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The Schein Nine

NFL Week 15 truths: Tom Brady's the G.O.A.T., Jags are scary

What an incredible weekend in the NFL. And with two weeks to go in this wild 2017 season, we know some crucial things. I think ... No, I know.

Here are some irrefutable NFL truths spawning from a memorable Week 15, Schein Nine style.

1) Tom Brady is the G.O.A.T -- and he owns the Steelers.

The Rooney family had better check the deed. It's Tom Brady who owns Pittsburgh, as evidenced again by the Patriots' 27-24 win at Heinz Field on Sunday. Brady is 11-2 against the Steelers (including the playoffs) over his illustrious career, piling up 30 touchdown passes against just four interceptions in the process. We're talkin' about a 113.0 passer rating in this series, folks. Wow. It's breathtaking and flat-out legendary.

In a game filled with many twists, turns and controversies -- and we will get to those shortly -- let's not lose sight of the fact that Brady was brilliant down the stretch. On the Patriots' final drive, with New England trailing 24-19, the ageless quarterback just kept pumping the football to Rob Gronkowski, who was inexplicably left in single coverage. Brady kept throwing strikes and Gronk kept hauling them in. Eventually, Dion Lewis finished the job with an 8-yard plunge up the middle. Of course, on the ensuing two-point conversion, it was back to the killer combo of Brady-to-Gronk. The comeback win clinched New England's 14th AFC East title in the past 15 seasons, and put the 11-3 Pats in the driver's seat for home-field advantage throughout the AFC playoffs.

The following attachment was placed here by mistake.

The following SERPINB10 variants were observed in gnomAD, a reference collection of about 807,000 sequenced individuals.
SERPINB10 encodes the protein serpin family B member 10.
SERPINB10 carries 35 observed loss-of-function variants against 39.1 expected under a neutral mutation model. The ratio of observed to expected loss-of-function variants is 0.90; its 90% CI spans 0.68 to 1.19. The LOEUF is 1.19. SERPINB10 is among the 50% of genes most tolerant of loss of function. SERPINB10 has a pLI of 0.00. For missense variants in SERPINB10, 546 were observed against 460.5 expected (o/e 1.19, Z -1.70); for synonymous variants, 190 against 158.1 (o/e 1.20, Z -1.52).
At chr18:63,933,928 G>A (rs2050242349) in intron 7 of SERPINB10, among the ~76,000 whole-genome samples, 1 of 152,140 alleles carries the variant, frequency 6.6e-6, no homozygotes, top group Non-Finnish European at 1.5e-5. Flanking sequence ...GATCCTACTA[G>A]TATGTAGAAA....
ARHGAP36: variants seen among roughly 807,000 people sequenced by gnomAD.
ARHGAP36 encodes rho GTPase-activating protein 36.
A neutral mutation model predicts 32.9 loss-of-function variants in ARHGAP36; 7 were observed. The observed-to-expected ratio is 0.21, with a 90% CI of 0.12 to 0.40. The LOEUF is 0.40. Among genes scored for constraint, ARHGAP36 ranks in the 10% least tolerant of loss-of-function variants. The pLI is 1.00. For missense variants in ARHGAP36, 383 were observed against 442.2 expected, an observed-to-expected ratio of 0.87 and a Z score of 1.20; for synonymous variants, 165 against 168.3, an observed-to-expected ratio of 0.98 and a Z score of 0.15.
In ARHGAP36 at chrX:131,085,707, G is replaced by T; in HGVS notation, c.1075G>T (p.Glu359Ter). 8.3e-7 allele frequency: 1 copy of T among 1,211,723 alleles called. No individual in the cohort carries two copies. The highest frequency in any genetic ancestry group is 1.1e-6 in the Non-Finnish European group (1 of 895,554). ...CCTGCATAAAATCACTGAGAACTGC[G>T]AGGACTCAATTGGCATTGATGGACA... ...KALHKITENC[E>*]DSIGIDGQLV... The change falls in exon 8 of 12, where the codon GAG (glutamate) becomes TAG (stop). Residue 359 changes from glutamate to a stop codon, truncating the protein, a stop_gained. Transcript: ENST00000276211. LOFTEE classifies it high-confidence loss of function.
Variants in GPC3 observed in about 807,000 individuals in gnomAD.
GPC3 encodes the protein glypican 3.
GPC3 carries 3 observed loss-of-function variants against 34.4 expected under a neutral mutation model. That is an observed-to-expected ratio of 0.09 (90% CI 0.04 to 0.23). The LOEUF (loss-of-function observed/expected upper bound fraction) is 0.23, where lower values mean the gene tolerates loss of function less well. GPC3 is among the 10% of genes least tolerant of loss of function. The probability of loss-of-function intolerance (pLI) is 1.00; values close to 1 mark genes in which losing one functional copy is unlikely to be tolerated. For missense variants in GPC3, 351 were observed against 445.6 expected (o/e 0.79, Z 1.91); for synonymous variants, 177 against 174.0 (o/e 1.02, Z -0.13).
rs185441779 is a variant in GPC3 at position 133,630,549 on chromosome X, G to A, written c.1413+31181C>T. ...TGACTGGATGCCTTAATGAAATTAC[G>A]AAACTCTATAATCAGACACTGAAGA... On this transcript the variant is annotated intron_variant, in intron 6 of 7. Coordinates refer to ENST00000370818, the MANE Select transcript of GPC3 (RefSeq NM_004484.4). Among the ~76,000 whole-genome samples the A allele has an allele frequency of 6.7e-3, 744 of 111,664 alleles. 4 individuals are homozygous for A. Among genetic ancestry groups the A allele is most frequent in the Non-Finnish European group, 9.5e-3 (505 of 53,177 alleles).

That was Tom Brady in crunch time -- yet another example of why he is the greatest quarterback of all time.

2) In every other universe, Jesse James caught a game-winning TD.

Shortly after Brady's typical magic, the Steelers appeared to retake the lead with 28 seconds remaining. Then replay reared its ugly head.